Officers of the previous generation who served in Delhi will remember the arduous efforts that were made to convince the government to institute a National Security Council and appoint a National Security Adviser (NSA). The struggle went on in the files for well over a decade, and the main argument was that there was no high-level multi-disciplinary thinking.
The fight was conducted only by the services’ headquarters. Some progress was made by forming a defence planning staff, which was hamstrung by uncooperative civil bureaucracies. Eventually, the Cabinet Committee on Security was virtually transformed into the National Security Council, and under the first Vajpayee government, Brijesh Mishra was double-hatted with the post of NSA and Secretary to the Prime Minister.
This was unsatisfactory as there still was no multi-disciplinary staff. This came later during the first term of the United Progressive Alliance (UPA) government when M.K. Narayan became the NSA with a multi-disciplinary staff. Unfortunately, various departments were still uncooperative and sent the not so brilliant officers to the staff. Yet, some progress was made, and this writer spent a couple of years after retirement heading a special task force working on the future scenarios and geopolitical gaming.
Sadly, the national security staff have over two decades produced only one public document – Non Alignment 2.0 – that too indirectly. There is no sign of any white paper, global future scenarios or an open and periodic national security strategy. As a result, the perceptive analyst in India is left with a number of important unanswered questions on national security.
For instance, there is much loose talk in services headquarters on the imperative to prepare for a two-front war. This is a big question mark and would be a disastrous outcome for the country; and yet is there any directive on the subject? Concurrently is there an unspoken cap on defence expenditure of 2% of the GDP? Many other questions arise.
Is non-alignment dead or not? If it is not, how does the cabinet propose that the armed forces face a two-front war with a 2% cap of the defence budget? Clearly, the directive to the armed forces, their financial limits and the country’s foreign policy are interlinked. That was the reason the National Security Council was required in the first place – to have high-level multidisciplinary thinking.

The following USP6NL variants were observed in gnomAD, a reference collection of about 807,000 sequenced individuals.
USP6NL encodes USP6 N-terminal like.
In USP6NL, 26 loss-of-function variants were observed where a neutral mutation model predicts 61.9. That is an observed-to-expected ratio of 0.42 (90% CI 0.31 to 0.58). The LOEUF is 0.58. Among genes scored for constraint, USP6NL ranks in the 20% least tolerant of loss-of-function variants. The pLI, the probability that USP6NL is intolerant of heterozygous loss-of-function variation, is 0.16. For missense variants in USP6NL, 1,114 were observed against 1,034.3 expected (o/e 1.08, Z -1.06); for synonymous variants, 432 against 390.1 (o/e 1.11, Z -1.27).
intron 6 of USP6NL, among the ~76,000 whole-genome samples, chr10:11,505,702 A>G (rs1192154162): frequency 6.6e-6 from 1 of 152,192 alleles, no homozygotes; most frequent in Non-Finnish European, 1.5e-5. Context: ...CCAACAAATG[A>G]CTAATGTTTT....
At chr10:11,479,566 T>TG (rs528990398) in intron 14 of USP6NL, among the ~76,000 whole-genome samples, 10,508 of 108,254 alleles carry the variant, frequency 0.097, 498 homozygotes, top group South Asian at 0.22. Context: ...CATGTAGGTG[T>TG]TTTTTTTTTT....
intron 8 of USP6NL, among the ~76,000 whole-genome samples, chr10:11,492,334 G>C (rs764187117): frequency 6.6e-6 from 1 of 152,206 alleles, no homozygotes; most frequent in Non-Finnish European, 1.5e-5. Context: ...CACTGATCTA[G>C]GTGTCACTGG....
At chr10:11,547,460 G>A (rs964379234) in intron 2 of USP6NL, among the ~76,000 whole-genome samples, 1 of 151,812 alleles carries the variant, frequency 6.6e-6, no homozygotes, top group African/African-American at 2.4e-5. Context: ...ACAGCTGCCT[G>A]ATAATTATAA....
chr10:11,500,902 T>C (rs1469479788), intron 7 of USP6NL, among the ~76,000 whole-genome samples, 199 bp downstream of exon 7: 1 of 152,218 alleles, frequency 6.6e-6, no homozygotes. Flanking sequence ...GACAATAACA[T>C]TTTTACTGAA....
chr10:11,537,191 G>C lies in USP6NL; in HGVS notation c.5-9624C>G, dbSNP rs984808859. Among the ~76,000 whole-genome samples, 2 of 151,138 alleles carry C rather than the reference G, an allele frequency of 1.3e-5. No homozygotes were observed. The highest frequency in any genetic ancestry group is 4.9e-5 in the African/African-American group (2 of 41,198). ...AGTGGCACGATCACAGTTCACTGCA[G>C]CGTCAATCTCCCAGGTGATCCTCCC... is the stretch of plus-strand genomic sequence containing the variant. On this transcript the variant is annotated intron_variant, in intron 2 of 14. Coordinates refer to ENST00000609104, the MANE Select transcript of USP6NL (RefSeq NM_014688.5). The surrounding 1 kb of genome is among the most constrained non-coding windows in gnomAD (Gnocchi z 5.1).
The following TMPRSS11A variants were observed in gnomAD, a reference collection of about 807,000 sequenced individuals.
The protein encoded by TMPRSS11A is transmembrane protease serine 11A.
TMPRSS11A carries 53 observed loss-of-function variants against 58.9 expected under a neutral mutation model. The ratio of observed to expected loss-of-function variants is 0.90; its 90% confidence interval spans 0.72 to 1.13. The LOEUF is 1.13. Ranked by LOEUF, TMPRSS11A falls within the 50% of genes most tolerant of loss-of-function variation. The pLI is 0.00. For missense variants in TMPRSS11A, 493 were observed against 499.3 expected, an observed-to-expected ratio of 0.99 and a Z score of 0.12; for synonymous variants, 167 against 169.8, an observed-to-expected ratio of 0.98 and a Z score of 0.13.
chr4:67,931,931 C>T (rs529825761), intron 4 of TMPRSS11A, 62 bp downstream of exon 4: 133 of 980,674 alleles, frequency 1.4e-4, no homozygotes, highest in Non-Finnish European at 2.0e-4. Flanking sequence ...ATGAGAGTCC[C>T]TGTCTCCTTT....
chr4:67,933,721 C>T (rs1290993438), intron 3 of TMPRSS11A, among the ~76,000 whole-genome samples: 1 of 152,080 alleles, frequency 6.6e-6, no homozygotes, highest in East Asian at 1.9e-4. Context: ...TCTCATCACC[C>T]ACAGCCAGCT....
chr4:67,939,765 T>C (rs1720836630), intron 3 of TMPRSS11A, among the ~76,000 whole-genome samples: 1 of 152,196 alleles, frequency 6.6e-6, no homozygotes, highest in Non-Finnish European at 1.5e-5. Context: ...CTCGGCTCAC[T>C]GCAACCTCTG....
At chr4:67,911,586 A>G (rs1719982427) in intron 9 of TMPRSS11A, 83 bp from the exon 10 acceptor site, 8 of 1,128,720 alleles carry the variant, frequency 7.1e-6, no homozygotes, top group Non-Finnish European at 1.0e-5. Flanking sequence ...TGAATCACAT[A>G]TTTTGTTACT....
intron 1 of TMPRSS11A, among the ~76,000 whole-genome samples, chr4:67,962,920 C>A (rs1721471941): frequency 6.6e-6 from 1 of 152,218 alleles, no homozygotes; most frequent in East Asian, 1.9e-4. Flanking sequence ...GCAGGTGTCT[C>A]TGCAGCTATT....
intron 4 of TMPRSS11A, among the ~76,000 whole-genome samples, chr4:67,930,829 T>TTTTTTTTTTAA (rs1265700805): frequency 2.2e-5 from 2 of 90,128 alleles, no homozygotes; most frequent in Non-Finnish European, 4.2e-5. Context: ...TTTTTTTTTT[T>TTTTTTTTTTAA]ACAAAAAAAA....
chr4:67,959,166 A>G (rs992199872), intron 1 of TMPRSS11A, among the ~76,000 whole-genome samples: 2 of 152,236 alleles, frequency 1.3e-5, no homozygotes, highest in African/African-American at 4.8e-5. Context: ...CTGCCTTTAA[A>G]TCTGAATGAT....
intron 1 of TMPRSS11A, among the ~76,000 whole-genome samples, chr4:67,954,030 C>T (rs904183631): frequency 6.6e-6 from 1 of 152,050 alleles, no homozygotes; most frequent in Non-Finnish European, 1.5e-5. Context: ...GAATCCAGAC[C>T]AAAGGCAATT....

At present the clear impression is that the defence, finance and external affairs are all pursuing independent policies with no coordination. If we don’t have enough money, and we clearly don’t, why do we feel privileged to conduct an independent foreign policy? Why are we so adamant against alliances?
Eventually, it appears that the load will have to be borne solely by the Indian army – but even here there are major questions. The Indian army already outnumbers the People’s Liberation Army (PLA) by 2,85,000 men, on active duty and yet, when encounters occur, we are invariably outnumbered. The army says that they have the Pakistan front to defend, which absorbs half a million men. So, we have ended up alone, against two enemies and no friends? What kind of high-level policymaking is that?
Admittedly, Himalayan geography is against us, but the geography of the Pacific and the Indian Ocean is hugely against China. They have a massive two-front oceanic problem with the gigantic United States navy at their doorstep, and the Indian Ocean is 2500 miles away.
The PLA navy has something like 82 major combatant vessels, and India, Japan and Australia alone own 86 major war vessels. This is discounting the entire US navy. If the PLA navy were to retain 50-60 warships in the Pacific against the US navy and venture into the Indian Ocean 2,500 miles away, they would be outclassed by the Indian Navy’s p-8 aircraft and the combined fleets of East and West. So why are we struggling all alone and leaving the Indian army to bear an entire load of bad policy?
Lack of coordinated thinking
Forget the advantages of multidisciplinary thought, we don’t even exhibit the existence of dynamic tri-service coordination. The Chinese, for instance, are constantly exhibiting their fear of the Malacca dilemma, with 75% of Chinese oil transiting through.
Beijing fears America, but strangely enough, dismisses the real Indian threat. Why don’t we spend Rs 2,000 crore and transform the Car-Nicobar airfield into a formidable airbase, to dominate the exit to the straits? With the Maritime Information Sharing Technical Arrangement (MISTA) and the US-India info-dominance of the Indian Ocean, why don’t we relieve Himalayan tensions by a threat to China’s oil supply?
Without India, the US cannot contest the emerging Chinese hegemony. Above all, why doesn’t the Indian strategic community have evidence of the government’s multi-disciplinary thinking on Global Futures, the Nuclear Posture and national security strategy, instead of governmental furtive secrecy and unthinking arrogance?
The world is undergoing a huge geopolitical transformation. The European Union is a military non-entity. Russia and Japan are in demographic decline. There is a serious anti-Iran coalition building up in the Middle East.
China has arrived in Cambodia, Myanmar, Pakistan, Djibouti and Piraeus and built a land corridor to Europe. Presumably, we are growing into a regional power.
How do we propose to deal with the changing world, whose governance will be contested by Beijing, by merely defending Aksai Chin? The government surely has plans – but why not publish unclassified versions as democracies around the world do? There are no shortage of talented individuals in government, but institutional thinking will eclipse individual efforts any day.
Admiral Raja Menon was a career officer and a submarine specialist in the Indian Navy. He commanded seven ships and submarines before retiring in 1994 as assistant chief of naval staff (operations).